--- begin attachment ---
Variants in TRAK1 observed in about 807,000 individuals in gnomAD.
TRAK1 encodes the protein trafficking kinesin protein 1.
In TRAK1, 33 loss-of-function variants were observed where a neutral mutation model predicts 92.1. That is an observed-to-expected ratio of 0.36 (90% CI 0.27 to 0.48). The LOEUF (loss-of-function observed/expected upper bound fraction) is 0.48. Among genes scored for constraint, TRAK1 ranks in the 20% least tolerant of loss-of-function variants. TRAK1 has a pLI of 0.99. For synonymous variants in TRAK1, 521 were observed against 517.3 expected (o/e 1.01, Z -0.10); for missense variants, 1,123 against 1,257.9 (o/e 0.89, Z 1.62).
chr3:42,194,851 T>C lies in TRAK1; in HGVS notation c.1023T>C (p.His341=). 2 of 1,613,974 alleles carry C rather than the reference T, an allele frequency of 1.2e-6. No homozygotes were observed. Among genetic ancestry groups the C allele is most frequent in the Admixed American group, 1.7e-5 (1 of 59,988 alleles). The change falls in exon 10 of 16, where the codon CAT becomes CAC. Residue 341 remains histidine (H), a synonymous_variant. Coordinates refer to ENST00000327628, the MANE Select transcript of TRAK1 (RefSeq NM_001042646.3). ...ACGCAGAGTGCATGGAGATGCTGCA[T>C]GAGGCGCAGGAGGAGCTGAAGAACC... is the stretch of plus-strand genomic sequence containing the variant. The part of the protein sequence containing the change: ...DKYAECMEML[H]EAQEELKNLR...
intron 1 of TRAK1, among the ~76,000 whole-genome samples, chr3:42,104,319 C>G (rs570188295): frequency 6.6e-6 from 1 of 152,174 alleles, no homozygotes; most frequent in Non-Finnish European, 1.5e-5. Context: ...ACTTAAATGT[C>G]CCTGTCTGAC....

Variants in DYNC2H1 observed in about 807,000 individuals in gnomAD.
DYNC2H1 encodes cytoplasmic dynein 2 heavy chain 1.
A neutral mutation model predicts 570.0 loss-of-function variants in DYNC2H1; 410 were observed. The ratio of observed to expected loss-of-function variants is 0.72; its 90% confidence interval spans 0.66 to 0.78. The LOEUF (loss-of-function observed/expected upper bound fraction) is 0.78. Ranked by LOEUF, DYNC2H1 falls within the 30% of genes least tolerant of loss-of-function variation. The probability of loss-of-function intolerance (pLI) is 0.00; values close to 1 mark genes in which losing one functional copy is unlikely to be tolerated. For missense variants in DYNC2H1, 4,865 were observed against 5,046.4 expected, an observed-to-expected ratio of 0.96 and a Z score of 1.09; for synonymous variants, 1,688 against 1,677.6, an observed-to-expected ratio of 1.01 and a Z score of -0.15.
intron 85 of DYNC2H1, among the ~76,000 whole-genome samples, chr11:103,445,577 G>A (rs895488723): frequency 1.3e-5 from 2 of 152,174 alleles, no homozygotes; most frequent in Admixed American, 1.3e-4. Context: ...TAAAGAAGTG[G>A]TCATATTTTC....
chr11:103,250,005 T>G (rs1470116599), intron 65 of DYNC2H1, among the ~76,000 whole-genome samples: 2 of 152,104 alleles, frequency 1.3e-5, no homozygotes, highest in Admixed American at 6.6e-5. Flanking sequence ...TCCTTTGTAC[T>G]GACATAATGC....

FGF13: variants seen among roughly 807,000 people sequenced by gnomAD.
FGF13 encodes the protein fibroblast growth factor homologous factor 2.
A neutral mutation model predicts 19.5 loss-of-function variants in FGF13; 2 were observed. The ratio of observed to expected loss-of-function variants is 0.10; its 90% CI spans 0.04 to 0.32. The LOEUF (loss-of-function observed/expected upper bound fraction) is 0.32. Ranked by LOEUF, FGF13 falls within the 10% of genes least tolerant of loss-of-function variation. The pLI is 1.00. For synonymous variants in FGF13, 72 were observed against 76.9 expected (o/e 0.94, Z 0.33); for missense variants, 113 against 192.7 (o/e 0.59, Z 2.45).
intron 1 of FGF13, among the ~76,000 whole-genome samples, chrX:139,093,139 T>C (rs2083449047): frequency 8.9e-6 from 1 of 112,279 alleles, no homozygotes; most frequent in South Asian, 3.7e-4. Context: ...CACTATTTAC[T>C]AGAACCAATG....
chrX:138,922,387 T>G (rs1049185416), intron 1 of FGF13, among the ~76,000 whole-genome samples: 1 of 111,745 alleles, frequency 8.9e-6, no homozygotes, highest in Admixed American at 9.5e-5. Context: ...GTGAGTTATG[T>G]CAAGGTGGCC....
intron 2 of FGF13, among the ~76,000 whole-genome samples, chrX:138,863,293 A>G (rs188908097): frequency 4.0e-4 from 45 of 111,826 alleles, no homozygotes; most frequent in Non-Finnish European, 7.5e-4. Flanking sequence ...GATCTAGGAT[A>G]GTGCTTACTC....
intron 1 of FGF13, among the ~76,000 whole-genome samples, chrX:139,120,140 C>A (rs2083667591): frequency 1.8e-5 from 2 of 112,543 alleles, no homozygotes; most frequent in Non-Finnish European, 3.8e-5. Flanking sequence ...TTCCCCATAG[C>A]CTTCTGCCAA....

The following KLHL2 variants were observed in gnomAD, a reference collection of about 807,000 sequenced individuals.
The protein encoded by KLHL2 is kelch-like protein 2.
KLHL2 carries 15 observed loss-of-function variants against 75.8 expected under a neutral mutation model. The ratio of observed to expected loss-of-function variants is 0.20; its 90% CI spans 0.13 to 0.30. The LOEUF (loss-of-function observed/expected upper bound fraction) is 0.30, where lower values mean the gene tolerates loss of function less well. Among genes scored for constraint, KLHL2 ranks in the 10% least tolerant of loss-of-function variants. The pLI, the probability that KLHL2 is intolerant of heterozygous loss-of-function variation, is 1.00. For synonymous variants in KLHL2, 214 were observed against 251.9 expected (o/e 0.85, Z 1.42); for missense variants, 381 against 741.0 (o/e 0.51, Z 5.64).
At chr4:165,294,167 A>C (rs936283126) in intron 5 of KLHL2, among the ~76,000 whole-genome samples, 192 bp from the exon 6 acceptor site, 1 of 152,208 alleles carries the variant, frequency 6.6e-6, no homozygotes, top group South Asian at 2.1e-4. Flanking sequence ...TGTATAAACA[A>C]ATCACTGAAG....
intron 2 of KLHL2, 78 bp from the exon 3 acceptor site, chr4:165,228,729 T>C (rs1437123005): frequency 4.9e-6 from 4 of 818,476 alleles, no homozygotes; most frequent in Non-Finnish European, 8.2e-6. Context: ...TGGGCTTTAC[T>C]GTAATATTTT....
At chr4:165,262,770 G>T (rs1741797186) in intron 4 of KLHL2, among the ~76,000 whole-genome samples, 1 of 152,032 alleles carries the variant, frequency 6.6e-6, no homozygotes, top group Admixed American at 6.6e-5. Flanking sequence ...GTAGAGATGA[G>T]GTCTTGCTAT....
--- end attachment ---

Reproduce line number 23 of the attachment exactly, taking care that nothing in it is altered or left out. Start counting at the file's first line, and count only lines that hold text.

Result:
At chr4:165,262,770 G>T (rs1741797186) in intron 4 of KLHL2, among the ~76,000 whole-genome samples, 1 of 152,032 alleles carries the variant, frequency 6.6e-6, no homozygotes, top group Admixed American at 6.6e-5. Flanking sequence ...GTAGAGATGA[G>T]GTCTTGCTAT....